The rest, as the hackneyed phrase goes, is history. “I discovered that design was a passion because, in a way, it was part of my DNA. I was born into this family, eating bread and furniture. Since I was really very, very young, a little baby, I was not with a babysitter – I was with my mother, she was sewing and I was playing with fabrics and things like that. I was passionate about the revolution of design in Italy in the ’60s and ’70s with very important people like Ettore Sottsass, Alessandro Mendini and all the radical design that was in the country at that moment.”
Discussing Moroso’s current expansion into Asia, Patrizia says, “This is the first time that we’re here seriously. We’re now in Singapore and Hong Kong. We’re also in the Philippines, Taiwan, Korea, Beijing, Shanghai, Chengdu and Chongqing.
“I’m very, very happy because, until now, Italian designers arrived here in Asia in a sort of closed, structured way – the white sofas, the brown chairs, the carpet, the wardrobe. It’s all very elegant, OK, but it’s absolutely boring after a while. It’s a sort of ready-made, pre-prepared, pre-digested house, [and the designers are] treating Chinese customers as if they don’t understand design. It’s as if they go: ‘here’s the box’. Inside the box there’s everything that you want. They treat Chinese customers as if they don’t understand, so they give them everything prepared. We’re not thinking like this. Never thinking like this.
“Maybe 20 years ago, 15 years ago, when Italians started to come [to China] the customers weren’t prepared, but the customers are very fast in learning. I remember my first trip in China many years ago – nobody knew nothing about design, nothing about architecture. But in 20 years what has happened is incredible. Look at the change! The evolution has been so bright and so fast. The customers don’t love to be in a box! I believe that, now, we’re really coming in a massive way in Asia, and I know that there will be people understanding our language.”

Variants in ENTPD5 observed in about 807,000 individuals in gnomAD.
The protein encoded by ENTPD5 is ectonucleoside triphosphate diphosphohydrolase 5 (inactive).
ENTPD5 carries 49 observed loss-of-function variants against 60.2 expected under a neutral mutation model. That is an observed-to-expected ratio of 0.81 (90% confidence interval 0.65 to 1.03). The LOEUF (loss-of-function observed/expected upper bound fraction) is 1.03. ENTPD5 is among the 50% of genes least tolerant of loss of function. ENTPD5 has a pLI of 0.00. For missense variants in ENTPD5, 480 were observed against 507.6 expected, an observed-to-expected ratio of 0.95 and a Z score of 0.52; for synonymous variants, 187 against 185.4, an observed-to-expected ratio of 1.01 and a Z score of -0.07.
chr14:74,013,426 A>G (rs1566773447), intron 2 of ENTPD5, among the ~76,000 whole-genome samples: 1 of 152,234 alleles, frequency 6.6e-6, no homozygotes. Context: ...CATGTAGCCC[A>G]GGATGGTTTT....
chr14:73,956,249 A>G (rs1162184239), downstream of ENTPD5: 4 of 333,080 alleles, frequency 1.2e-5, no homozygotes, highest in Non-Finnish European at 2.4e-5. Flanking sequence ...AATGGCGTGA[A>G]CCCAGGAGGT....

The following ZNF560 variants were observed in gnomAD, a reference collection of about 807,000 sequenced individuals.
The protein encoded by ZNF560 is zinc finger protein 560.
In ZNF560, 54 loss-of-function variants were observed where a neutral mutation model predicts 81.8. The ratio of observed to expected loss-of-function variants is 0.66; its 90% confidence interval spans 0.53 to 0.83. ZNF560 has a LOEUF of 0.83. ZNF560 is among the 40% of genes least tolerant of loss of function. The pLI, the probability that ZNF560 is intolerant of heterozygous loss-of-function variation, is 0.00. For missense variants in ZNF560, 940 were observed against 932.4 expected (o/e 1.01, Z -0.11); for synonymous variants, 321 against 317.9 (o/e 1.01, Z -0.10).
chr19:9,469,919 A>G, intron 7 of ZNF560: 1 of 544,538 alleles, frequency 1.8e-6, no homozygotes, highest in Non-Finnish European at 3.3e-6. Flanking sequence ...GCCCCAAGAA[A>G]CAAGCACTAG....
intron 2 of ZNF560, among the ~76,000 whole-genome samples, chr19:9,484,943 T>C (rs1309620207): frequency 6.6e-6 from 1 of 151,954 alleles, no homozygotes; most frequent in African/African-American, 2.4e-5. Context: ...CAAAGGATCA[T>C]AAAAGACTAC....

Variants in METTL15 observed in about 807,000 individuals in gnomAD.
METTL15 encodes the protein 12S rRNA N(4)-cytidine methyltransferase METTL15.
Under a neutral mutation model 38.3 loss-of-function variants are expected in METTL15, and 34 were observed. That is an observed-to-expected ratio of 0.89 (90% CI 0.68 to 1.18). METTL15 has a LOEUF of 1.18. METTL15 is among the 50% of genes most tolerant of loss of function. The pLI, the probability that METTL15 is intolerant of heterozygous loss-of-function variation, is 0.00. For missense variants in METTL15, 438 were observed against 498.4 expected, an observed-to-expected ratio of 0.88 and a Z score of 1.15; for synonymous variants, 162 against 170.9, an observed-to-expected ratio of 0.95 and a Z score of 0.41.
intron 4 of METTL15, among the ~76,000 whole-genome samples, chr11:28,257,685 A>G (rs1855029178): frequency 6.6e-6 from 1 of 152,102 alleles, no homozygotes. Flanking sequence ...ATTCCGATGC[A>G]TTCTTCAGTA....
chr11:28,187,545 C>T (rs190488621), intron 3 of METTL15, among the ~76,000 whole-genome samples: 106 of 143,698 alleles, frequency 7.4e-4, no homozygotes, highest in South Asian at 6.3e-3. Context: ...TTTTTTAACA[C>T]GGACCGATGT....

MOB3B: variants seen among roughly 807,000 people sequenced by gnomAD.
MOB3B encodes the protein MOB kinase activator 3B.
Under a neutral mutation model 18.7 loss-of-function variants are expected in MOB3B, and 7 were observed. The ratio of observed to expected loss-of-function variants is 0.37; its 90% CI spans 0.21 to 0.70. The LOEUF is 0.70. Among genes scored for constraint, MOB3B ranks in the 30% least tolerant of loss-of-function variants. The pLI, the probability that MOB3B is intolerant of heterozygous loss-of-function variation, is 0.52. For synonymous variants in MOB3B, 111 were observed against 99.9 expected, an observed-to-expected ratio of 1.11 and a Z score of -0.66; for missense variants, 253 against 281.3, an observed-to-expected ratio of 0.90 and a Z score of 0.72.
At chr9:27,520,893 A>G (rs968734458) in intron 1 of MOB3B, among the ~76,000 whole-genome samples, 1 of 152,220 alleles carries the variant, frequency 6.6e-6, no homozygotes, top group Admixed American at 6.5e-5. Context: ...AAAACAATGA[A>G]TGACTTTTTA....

Judging from the hype surrounding the Moroso launches in Asia, Patrizia is right to suggest that there’s a hunger for their furniture. Yet, as even the most design literate people can struggle to understand the connections between Moroso products, does the brand really have a single language? “The common thread, the fil rouge in Moroso products, is that they’re all different from one to another,” Patrizia admits. “There is no one [product] that is similar to another. It’s a strange common thread, but that’s it. I love to put many different things together.
“I don’t see the reason why, if I have Patricia Urquiola, I have to work with someone who is close to her. I have her to do some things and she is the best [at what she does]. Then there’s Ron Arad, he is the best in his way – sort of sculpture, an artistic way of approaching design – so there’s no sense to have another one that is making sculpture. If I work with Ross Lovegrove, who is following the idea of a beautiful new nature and a new way of designing, there’s no sense to have another person thinking the same. So I try, like making a bouquet of different flowers in the garden, to put them in harmony – not crazy, of course – but I prefer to bring all different flowers.”